Thursday, December 6, 2012

Onward and Awesome

It was an article about the striking style of the Chicago home of Jeffrey Moss in October 2012's Martha Stewart Living, that led me to Project Onward. The article, intended to inspire thoughtful ways to live in our collections , had an image of a non-pretentious wall of portraits that caught my eye.

The collection of "glittery portraits of family and friends that he commissioned from Sereno Wilson of Project Onward (an organization of artists with disabilities)" the caption told me. And I immediately went to Google.

Project Onward is a Chicago-based studio dedicated to the growth of artists with mental and developmental disabilities. Upon reading more, what intrigued me most was their Portrait Project, which brought people together, raised awareness and allowed the artists to interact within a live portrait setting.

Since I was heading to Chicago for the Arlington Height's Santa Run, we put this on the to do list.
So last Friday, we visited the Project Onward facility at the Chicago Cultural Center, right at the corner of Washington and Michigan in the old Library building (across from the Bean). My artist was self-taught illustrator Andrew Hall, who's meticulous architectural and train-yard drawings blew me away.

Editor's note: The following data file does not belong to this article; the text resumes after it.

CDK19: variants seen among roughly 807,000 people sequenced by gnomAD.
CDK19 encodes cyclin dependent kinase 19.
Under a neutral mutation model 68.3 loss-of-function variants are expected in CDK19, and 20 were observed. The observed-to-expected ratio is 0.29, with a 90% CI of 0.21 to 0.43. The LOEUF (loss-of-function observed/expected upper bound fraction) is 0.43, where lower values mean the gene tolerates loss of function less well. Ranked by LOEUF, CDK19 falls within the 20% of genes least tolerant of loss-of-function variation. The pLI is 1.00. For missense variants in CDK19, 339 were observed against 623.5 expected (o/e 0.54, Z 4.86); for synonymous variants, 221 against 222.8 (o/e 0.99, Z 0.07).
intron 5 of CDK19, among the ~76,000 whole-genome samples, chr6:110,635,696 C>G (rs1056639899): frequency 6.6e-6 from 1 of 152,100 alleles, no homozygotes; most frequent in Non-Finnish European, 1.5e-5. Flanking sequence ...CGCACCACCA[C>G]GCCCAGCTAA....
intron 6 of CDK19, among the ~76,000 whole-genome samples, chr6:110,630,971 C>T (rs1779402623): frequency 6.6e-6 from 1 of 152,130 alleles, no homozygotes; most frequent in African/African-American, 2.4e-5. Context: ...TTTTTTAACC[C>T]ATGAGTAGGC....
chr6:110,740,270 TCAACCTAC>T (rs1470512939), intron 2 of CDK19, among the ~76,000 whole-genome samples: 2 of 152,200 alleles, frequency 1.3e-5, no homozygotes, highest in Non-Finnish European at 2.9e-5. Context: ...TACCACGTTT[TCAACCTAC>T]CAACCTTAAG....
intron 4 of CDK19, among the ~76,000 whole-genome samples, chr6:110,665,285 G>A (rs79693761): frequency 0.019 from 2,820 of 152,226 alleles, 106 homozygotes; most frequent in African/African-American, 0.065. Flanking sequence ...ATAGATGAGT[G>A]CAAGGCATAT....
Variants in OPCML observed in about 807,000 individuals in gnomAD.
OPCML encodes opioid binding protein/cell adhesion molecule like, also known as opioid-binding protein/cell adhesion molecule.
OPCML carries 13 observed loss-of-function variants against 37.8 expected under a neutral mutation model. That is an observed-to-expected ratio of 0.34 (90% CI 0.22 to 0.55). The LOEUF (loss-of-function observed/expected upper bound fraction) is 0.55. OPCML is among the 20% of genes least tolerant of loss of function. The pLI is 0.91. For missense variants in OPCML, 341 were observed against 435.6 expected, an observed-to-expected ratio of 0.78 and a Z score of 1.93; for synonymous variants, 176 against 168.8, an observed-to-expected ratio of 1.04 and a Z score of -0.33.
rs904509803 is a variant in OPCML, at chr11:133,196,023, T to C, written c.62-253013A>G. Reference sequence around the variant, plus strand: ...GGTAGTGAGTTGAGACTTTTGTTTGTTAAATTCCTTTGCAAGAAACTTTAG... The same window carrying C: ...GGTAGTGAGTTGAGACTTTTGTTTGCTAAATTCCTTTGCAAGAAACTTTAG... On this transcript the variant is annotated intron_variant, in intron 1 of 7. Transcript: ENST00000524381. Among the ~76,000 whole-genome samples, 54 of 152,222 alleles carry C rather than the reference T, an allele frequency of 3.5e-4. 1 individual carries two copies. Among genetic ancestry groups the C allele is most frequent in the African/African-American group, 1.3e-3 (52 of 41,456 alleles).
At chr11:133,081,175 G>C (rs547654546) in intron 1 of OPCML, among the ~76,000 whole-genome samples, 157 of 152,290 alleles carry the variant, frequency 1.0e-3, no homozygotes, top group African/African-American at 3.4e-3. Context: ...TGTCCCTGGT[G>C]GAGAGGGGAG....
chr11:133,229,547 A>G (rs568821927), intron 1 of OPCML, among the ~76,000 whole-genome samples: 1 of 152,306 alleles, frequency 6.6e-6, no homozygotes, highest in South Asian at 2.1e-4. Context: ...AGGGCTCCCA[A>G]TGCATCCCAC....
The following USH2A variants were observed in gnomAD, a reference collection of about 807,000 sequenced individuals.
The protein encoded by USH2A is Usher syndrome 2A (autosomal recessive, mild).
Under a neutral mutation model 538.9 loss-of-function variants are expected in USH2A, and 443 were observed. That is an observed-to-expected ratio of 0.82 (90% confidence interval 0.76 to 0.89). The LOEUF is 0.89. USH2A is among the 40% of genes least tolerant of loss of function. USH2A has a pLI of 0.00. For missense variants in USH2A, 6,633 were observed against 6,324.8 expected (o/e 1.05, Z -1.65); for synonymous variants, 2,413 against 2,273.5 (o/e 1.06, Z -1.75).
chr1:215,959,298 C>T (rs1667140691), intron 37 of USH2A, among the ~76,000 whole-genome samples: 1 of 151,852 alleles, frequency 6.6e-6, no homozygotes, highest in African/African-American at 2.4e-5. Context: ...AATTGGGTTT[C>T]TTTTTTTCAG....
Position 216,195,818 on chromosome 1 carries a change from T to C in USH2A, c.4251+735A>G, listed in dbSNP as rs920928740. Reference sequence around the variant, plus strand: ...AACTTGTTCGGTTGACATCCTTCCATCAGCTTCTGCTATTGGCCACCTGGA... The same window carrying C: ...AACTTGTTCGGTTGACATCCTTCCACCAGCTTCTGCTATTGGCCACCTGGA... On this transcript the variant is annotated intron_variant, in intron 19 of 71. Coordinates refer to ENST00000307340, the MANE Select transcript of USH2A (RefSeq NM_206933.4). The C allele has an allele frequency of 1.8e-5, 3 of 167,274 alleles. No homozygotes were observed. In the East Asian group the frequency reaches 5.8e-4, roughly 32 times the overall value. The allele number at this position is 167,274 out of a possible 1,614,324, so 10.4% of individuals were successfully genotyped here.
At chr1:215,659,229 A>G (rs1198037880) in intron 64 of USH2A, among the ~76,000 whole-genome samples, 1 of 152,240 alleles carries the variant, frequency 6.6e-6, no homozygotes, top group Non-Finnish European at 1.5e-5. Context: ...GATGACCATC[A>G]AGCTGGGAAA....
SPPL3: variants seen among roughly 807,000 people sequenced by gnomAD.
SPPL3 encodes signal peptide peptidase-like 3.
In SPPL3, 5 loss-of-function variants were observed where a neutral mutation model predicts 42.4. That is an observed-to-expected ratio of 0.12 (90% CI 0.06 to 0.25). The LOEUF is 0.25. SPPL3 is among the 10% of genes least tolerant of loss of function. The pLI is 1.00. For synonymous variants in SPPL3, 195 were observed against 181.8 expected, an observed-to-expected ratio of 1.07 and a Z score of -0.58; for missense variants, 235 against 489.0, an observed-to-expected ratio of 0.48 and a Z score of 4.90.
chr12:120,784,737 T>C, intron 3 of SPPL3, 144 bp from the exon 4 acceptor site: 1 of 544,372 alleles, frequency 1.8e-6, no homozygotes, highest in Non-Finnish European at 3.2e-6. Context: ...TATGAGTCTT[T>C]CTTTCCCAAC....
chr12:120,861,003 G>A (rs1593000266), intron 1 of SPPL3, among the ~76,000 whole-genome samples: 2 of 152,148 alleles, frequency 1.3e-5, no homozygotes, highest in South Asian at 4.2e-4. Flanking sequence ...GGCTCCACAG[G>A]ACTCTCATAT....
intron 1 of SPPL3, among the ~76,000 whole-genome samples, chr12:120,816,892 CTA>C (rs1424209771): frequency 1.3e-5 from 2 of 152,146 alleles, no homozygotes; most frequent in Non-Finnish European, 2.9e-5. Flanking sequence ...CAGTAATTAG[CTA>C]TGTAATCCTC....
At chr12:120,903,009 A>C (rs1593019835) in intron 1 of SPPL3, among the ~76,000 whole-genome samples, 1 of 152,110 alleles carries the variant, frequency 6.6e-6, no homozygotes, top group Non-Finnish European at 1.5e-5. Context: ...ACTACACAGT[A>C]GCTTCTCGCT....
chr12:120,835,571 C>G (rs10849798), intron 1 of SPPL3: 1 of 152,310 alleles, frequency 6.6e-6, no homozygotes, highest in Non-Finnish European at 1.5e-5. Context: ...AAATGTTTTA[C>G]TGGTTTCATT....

As he worked, all around us, artists of varying medians busied themselves in the creative process—working with glitter, charcoal, foamcore and markers. It was a beautiful sight, and both moving and inspiring to witness.
And, in about 20 miuntes, for about 20 dollars, I had a portrait of my own. My first ever professionally drawn portrait.

So, if you're headed to Chicago, I highly encourage you to stop by. Portrait Project is open Monday – Saturday from 11 am to 5 pm. You can make an appointment ahead of time, or, do like we did, and walk in and be introduced to the artists on-site and available. If you have questions you can inquire at Find out more on Facebook. 

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